7. Ask any witnesses to write a statement for you.
  8. Take pictures of any visible injuries. Continue taking daily pictures as it heels. 
  9. Contact law enforcement and make a police report. They may come to your work to take the statement or you may have to go to the police station (some places allow you to submit reports online).
  10. You should take time off to process what has happened. 
  11. Seek out trauma-crisis counseling, critical incident stress debriefing, or with your organization's EAP counselor.
  12. Keep copies of everything at home (not in your work email). Send summary emails of any verbal conversations to document. 

Overcoming Fear of Retaliation

Following an incident, nurses are often asked by management, “What could you have done differently?”,  by managers. I recommend nurses turn the tables and ask, what could YOU have done differently to protect your employees? 

Retaliation of any kind for reporting workplace safety issues is illegal. You can report retaliation to the National Labor Relations Board (NLRB) and Occupational Safety and Health Administration (OSHA). You can find direct reporting links on

Spreading Awareness

Nurses around the world are coming together to draw awareness to workplace violence against healthcare workers by wearing red and black ribbons. Many are making their own by tying red and black ribbons together! My red and black ribbon enamel pins are one way to spread awareness about violence against healthcare workers and to show unity and are available on my Etsy shop. We are stronger, together!

@the.nurse.erica Come out and support. Hope to meet you there. #fyp #foryourpage #nurse #safestaffingsaveslives #iamtristin #thenurseerica #wearealltristin ♬ original sound - TheNurseErica
Nurse Erica
Registered Nurse
Nurse Erica Contributor
Nurse Erica is a registered nurse from Las Vegas, NV. She started her clinical career in 1993 as a certified nursing assistant (CNA), continued with nursing eventually returning to school an additional three times. Erica is certified in three specialities. She has extensive experience in pediatrics, eventually moved into nursing leadership, and is currently working in pediatric hospice. Erica's additional nursing experience includes adult acute care, long-term care, wound care, and adult hospice.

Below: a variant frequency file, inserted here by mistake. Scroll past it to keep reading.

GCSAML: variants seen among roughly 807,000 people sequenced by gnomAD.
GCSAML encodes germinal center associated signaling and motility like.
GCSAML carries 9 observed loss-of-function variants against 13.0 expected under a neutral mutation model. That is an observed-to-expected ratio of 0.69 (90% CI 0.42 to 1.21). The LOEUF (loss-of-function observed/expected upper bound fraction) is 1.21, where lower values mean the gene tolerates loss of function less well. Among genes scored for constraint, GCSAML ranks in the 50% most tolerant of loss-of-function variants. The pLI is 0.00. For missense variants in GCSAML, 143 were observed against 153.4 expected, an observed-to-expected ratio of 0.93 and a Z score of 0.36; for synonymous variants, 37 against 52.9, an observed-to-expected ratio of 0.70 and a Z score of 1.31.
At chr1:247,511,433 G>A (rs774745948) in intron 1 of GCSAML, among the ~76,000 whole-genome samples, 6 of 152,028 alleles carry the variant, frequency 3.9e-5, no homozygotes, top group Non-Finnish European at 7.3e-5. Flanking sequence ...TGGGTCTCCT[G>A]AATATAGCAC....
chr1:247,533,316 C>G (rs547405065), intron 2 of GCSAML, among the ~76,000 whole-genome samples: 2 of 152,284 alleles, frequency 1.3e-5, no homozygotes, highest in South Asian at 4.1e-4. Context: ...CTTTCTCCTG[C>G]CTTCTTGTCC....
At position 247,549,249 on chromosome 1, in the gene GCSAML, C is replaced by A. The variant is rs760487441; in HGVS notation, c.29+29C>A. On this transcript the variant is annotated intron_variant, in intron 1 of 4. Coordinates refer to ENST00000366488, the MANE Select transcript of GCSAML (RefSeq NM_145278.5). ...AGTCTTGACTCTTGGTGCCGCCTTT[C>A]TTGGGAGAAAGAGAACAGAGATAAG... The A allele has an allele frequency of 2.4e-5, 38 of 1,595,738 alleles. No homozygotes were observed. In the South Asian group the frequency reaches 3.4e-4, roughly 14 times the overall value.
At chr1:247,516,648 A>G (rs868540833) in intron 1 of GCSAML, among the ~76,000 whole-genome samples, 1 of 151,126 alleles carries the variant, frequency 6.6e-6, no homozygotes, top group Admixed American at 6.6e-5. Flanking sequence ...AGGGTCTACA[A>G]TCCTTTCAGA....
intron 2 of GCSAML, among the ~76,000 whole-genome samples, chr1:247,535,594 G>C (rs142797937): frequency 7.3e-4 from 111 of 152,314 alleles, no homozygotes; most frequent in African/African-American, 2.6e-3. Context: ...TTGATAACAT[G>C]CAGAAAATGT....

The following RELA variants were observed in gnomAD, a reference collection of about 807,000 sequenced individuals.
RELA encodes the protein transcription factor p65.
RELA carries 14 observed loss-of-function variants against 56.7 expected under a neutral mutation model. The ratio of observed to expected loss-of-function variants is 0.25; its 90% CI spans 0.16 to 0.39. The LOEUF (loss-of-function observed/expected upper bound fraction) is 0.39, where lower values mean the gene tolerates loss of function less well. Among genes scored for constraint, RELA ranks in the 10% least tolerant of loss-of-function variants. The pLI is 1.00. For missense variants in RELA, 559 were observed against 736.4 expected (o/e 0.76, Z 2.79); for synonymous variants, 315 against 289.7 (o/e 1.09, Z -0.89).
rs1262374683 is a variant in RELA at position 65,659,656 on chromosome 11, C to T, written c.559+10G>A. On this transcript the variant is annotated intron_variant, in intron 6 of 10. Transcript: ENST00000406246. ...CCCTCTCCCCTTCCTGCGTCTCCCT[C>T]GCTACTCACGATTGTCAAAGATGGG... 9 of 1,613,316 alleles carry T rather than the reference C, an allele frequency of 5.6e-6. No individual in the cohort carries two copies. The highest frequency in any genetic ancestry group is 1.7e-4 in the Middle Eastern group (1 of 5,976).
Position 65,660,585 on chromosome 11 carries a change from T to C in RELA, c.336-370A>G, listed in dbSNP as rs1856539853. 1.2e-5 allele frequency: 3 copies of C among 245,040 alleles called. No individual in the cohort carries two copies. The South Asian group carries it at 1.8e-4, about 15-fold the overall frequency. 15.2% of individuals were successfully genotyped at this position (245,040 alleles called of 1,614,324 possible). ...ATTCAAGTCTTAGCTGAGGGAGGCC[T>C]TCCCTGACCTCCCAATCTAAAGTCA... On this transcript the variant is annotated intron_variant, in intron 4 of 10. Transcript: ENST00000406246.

She has served as a chief nursing officer, director of nursing, director of program development, and nurse manager. 
Nurse Erica is a strong advocate and voice for nurses. As a social media influencer, she strives to empower nurses by educating them about workers' rights. She uses her platforms to promote nursing legislation, and union organizing and to expose violence and corruption affecting the nursing profession. As the creator of Nurse Erica, LLC she has helped thousands of nurses through mentorship and empowerment. She is the co-creator of the Red and Black Ribbon Campaign to combat violence against healthcare workers. More recently Erica added podcasting to her repertoire as co-host of the Nurses Uncorked Podcast ( She travels the country attending nursing strikes, and rallies and as a keynote speaker. 
You can follow Nurse Erica on Instagram, TikTok, Facebook, YouTube, and